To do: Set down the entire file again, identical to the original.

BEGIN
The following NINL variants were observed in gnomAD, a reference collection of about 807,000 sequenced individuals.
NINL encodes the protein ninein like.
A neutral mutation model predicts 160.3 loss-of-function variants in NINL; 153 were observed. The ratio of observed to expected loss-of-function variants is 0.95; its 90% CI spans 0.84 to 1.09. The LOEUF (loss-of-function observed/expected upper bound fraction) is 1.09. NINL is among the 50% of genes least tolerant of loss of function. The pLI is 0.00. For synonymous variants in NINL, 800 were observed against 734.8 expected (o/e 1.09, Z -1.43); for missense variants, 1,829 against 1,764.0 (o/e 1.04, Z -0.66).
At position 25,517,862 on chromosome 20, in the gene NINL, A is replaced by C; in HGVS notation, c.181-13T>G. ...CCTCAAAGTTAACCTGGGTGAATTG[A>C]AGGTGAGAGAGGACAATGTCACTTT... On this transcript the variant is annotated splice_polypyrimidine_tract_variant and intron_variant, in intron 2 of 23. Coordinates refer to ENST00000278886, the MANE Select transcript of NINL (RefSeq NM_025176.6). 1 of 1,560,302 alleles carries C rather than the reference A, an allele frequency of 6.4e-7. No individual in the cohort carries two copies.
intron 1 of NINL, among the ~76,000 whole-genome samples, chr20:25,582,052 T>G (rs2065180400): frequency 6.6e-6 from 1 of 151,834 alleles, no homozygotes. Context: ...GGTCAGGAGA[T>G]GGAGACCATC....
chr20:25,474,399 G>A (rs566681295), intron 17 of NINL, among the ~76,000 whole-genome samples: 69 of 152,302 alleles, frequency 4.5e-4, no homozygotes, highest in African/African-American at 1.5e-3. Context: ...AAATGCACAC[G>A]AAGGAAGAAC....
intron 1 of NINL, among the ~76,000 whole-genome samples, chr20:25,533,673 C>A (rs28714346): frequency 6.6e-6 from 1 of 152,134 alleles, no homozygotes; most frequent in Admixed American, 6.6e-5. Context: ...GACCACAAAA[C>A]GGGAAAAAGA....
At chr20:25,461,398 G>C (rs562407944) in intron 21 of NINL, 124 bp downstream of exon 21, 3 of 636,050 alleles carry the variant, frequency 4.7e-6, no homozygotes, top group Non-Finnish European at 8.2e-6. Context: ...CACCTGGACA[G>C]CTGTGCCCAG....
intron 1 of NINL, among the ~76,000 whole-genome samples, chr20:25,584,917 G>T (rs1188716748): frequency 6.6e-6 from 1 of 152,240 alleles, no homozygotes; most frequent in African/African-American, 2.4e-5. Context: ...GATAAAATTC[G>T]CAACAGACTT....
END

The following NINL variants were observed in gnomAD, a reference collection of about 807,000 sequenced individuals.
NINL encodes the protein ninein like.
A neutral mutation model predicts 160.3 loss-of-function variants in NINL; 153 were observed. The ratio of observed to expected loss-of-function variants is 0.95; its 90% CI spans 0.84 to 1.09. The LOEUF (loss-of-function observed/expected upper bound fraction) is 1.09. NINL is among the 50% of genes least tolerant of loss of function. The pLI is 0.00. For synonymous variants in NINL, 800 were observed against 734.8 expected (o/e 1.09, Z -1.43); for missense variants, 1,829 against 1,764.0 (o/e 1.04, Z -0.66).
At position 25,517,862 on chromosome 20, in the gene NINL, A is replaced by C; in HGVS notation, c.181-13T>G. ...CCTCAAAGTTAACCTGGGTGAATTG[A>C]AGGTGAGAGAGGACAATGTCACTTT... On this transcript the variant is annotated splice_polypyrimidine_tract_variant and intron_variant, in intron 2 of 23. Coordinates refer to ENST00000278886, the MANE Select transcript of NINL (RefSeq NM_025176.6). 1 of 1,560,302 alleles carries C rather than the reference A, an allele frequency of 6.4e-7. No individual in the cohort carries two copies.
intron 1 of NINL, among the ~76,000 whole-genome samples, chr20:25,582,052 T>G (rs2065180400): frequency 6.6e-6 from 1 of 151,834 alleles, no homozygotes. Context: ...GGTCAGGAGA[T>G]GGAGACCATC....
chr20:25,474,399 G>A (rs566681295), intron 17 of NINL, among the ~76,000 whole-genome samples: 69 of 152,302 alleles, frequency 4.5e-4, no homozygotes, highest in African/African-American at 1.5e-3. Context: ...AAATGCACAC[G>A]AAGGAAGAAC....
intron 1 of NINL, among the ~76,000 whole-genome samples, chr20:25,533,673 C>A (rs28714346): frequency 6.6e-6 from 1 of 152,134 alleles, no homozygotes; most frequent in Admixed American, 6.6e-5. Context: ...GACCACAAAA[C>A]GGGAAAAAGA....
At chr20:25,461,398 G>C (rs562407944) in intron 21 of NINL, 124 bp downstream of exon 21, 3 of 636,050 alleles carry the variant, frequency 4.7e-6, no homozygotes, top group Non-Finnish European at 8.2e-6. Context: ...CACCTGGACA[G>C]CTGTGCCCAG....
intron 1 of NINL, among the ~76,000 whole-genome samples, chr20:25,584,917 G>T (rs1188716748): frequency 6.6e-6 from 1 of 152,240 alleles, no homozygotes; most frequent in African/African-American, 2.4e-5. Context: ...GATAAAATTC[G>T]CAACAGACTT....